WPP is selling a 60-per-cent share in its market-research company Kantar to Bain Capital Private Equity in a deal that values the company at $4bn (£3.2bn/ €3.55bn).
The advertising and public relations giant has set about streamlining its business and selling off non-core assets after Mark Read took over as chief executive from Sir Martin Sorrell last year.
Kantar conducts brand and marketing research for 92 of the world’s largest 100 advertisers. In sport, the company tracks and analyses fan behaviour, attitudes towards and experience of sporting events, sponsors and properties and measures TV and digital audiences for rights holders and brands.
A statement on the WPP company website said the sale “further simplifies and repositions WPP for growth, whilst unlocking significant value for shareholders”.
The sale is expected to generate $3.1bn after taxes with the holding company expected to use the proceeds to pay down debts and return $1.2bn to shareholders. WPP’s share price has lost a third of its value in the past two years.
In an internal memo, Read reassured staff that the sale would not limit its ability to deliver a full-service offering to clients: “We will remain a very significant shareholder and partner in Kantar, with strong links to the business. This means our clients will continue to benefit from Kantar’s services and we will continue to benefit from its growth.”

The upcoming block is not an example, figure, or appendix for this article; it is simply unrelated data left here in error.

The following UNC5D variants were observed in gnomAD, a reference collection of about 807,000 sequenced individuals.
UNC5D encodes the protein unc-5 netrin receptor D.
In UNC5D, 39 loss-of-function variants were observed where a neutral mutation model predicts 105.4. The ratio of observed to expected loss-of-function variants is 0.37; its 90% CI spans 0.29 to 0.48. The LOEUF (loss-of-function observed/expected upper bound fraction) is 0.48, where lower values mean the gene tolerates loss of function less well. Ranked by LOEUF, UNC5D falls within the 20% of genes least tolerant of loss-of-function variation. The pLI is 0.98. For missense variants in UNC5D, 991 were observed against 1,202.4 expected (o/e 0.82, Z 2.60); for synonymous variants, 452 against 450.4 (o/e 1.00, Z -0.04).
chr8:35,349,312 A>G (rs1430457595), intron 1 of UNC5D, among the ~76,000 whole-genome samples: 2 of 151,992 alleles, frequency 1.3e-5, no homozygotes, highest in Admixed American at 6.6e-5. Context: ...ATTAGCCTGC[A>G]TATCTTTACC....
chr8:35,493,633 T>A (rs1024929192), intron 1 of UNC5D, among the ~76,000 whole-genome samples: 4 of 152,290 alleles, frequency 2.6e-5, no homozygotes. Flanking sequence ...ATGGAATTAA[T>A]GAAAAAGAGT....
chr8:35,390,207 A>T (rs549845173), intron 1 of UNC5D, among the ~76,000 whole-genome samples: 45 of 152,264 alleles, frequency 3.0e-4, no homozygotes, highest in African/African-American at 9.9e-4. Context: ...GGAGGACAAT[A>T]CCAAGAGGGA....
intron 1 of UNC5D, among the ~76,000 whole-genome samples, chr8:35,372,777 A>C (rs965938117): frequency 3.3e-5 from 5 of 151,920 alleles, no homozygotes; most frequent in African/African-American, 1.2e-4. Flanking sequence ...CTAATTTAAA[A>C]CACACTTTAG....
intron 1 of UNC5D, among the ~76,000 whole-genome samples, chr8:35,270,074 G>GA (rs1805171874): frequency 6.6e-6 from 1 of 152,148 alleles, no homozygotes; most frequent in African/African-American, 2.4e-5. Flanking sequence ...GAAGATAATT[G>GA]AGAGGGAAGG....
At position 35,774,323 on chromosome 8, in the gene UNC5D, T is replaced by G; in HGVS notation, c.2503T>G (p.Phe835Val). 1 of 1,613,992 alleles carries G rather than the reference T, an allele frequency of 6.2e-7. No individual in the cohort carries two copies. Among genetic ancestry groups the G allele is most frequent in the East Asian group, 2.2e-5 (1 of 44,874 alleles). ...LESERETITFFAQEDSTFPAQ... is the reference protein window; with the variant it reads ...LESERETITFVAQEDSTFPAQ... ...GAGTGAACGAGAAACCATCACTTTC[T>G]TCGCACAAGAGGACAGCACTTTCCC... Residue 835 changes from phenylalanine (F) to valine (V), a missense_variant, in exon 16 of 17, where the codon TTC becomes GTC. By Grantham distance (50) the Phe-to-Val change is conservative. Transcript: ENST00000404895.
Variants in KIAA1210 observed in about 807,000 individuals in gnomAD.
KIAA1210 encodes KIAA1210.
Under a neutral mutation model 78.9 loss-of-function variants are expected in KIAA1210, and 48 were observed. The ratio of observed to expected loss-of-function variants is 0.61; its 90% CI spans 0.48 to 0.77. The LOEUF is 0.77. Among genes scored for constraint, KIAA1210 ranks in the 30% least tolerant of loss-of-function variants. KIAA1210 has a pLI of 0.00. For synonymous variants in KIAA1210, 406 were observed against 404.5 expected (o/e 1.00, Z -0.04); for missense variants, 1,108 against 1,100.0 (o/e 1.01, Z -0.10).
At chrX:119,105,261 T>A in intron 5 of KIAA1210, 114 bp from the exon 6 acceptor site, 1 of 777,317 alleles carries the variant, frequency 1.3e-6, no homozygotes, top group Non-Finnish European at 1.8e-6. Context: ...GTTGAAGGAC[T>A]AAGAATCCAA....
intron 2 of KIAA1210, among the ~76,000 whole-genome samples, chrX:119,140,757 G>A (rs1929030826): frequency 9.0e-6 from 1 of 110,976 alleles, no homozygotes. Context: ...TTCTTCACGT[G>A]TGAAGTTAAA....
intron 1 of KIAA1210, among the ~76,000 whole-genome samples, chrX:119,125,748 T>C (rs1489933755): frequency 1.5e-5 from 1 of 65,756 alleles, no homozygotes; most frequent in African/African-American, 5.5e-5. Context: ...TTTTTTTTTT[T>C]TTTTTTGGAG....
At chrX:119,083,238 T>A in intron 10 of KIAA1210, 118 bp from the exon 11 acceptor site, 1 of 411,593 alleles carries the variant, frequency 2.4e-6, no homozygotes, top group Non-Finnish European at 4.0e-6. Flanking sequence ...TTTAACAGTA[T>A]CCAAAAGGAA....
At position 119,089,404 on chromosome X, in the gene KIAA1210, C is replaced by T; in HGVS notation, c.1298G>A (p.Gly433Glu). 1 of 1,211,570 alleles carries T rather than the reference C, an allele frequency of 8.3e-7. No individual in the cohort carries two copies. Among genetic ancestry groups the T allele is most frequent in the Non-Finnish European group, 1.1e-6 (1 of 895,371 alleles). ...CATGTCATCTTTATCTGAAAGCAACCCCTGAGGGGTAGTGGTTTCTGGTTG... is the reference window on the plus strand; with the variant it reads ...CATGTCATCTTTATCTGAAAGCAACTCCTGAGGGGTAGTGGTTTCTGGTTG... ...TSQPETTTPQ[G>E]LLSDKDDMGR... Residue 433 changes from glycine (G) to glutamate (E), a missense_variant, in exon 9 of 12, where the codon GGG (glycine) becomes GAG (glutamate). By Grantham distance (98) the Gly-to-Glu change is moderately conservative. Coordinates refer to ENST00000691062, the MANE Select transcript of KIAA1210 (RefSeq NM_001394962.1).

The Kantar sale comes as advertising companies grapple with whether to own their own data or work with third-party providers in the face of competition from companies like Facebook and Google. WPP is offloading its Kantar business as some of its competitors pivot towards the data space. Publicis Groupe paid $4.4bn for data and marketing services company Epsilon earlier this year.
Under Sorrell, WPP had ambitions to become a single, global sports marketing powerhouse but it has struggled to bring the different strands of its business together into a coherent offering. Last year, WPP subsidiary GroupM sold sponsorship consultancy IEG and the US operations of rights-holder-facing agency ESP Properties to Bruin Sports Capital’s Engine Shop agency. In early July, the company agreed to sell its minority shareholding in sports, entertainment and communications group Chime to majority shareholder, US private equity investment firm Providence Equity.